An Iraqi army officer has claimed it was he who told UK intelligence that weapons of mass destruction could be used within 45 minutes of an order from Saddam Hussein.
The Iraq dossier included the 45 minute claim about WMD
The officer, identified as Lt Col al-Dabbagh, told the London-based Sunday Telegraph newspaper he had provided several reports on the president's WMD plans from early 2002.
These included details of how frontline units were supplied with cases of WMD warheads towards the end of last year.
Downing Street has so far refused to comment on the report.
However, a spokesman said anyone with relevant information should contact the Iraq Survey Group as it hunts for WMD.
The 45-minute claim was a key component of the UK government's dossier on the threat posed by Iraq published in the run up to the invasion in March.
"I am the one responsible for providing this information," Lt Col al-Dabbagh is quoted by the newspaper as saying after he was shown the dossier.
"It is 100% accurate."
He told the paper how he reported on the deployment of WMD warheads to units such as the air defence command he led in the western desert.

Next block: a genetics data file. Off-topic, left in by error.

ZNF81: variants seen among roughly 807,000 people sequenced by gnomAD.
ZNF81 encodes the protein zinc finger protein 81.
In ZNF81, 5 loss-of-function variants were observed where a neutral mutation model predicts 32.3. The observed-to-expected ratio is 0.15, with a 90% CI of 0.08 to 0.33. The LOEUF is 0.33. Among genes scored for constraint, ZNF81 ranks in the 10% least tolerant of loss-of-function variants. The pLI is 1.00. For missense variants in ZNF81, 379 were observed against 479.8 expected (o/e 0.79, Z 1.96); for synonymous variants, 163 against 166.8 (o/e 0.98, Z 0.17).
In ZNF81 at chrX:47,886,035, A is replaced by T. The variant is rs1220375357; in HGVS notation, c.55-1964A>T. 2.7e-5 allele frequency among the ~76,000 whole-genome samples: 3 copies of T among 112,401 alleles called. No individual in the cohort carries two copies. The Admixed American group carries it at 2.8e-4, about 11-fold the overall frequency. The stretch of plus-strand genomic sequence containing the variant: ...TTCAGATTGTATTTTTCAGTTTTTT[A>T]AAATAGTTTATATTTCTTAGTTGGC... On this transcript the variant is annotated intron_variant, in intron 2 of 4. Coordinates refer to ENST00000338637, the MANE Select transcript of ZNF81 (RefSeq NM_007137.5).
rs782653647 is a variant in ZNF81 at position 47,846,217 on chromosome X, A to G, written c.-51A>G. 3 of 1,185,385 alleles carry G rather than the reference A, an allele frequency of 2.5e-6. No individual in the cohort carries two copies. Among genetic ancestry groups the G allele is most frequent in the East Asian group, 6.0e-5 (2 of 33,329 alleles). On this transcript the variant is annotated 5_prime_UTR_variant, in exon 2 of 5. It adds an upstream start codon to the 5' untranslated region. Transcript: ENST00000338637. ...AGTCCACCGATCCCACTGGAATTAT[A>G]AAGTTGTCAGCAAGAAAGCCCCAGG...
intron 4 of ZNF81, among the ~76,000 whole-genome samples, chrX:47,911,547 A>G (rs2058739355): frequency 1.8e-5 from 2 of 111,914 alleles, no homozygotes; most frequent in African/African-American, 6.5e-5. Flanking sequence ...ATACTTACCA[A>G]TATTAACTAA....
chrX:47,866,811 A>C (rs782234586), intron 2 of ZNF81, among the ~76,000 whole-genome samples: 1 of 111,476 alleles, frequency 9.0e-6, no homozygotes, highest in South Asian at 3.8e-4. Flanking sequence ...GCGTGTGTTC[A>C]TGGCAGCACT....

"Forget 45 minutes, we could have fired these within half-an-hour," he was quoted as saying.
The devices were said to have been made in Iraq and designed to be launched
by hand-held rocket-propelled grenades.
It is not made clear whether the weapons contained biological or chemical agents.
Lt Col al-Dabbagh said they were only to be used on personal orders from Saddam. He added that the bulk of the Iraqi army did not want to fight for Saddam.
"The west should thank God that the Iraqi army decided not to fight," he told the Telegraph.
He said that he believed that the warheads had now been hidden at secret locations by
Saddam's Fedayeen militias still in Iraq.
The Sunday Telegraph said that Lt Col al-Dabbagh had spied for the Iraqi National
Accord - a London-based exile group - for several years before the war and was
now working as an adviser for the Iraqi Governing Council.
Controversy has surrounded the 45 minute claim ever since it was made.
A BBC report that accused Downing Street of "sexing up" the dossier in which it was published triggered a furious row between the Corporation and the government.
During the debate government scientist Dr David Kelly was named as the source of the BBC report, and he was subsequently found dead after apparently committing suicide.
The Hutton Inquiry has been investigating his death and is due to report early next year.